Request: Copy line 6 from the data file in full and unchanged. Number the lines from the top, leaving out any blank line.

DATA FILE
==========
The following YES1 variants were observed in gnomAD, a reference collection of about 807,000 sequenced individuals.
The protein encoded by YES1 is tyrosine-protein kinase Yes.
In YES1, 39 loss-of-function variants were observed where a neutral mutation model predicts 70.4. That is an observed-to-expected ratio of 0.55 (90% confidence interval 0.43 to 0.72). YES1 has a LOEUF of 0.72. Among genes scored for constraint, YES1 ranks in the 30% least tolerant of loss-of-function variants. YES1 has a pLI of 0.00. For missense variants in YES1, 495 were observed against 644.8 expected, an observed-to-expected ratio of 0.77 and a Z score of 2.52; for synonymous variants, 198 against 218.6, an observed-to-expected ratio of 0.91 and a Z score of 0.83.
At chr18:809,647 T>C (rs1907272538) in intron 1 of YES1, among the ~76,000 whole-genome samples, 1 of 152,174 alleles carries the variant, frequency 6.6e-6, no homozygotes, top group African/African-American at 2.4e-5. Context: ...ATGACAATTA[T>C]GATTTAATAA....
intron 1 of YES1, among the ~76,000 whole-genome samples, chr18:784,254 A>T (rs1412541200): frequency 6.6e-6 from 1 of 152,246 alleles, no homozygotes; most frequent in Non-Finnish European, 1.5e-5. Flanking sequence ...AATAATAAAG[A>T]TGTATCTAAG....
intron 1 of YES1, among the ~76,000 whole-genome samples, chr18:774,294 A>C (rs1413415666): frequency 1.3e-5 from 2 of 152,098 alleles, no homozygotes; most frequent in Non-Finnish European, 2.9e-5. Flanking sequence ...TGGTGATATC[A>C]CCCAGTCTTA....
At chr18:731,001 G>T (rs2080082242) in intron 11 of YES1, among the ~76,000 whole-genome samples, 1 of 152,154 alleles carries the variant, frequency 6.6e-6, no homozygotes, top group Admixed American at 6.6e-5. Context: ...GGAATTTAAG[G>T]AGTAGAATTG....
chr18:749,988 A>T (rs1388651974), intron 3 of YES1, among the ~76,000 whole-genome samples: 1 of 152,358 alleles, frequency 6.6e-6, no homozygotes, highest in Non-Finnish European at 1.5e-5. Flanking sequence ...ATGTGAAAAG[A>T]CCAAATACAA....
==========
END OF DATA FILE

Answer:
intron 1 of YES1, among the ~76,000 whole-genome samples, chr18:774,294 A>C (rs1413415666): frequency 1.3e-5 from 2 of 152,098 alleles, no homozygotes; most frequent in Non-Finnish European, 2.9e-5. Flanking sequence ...TGGTGATATC[A>C]CCCAGTCTTA....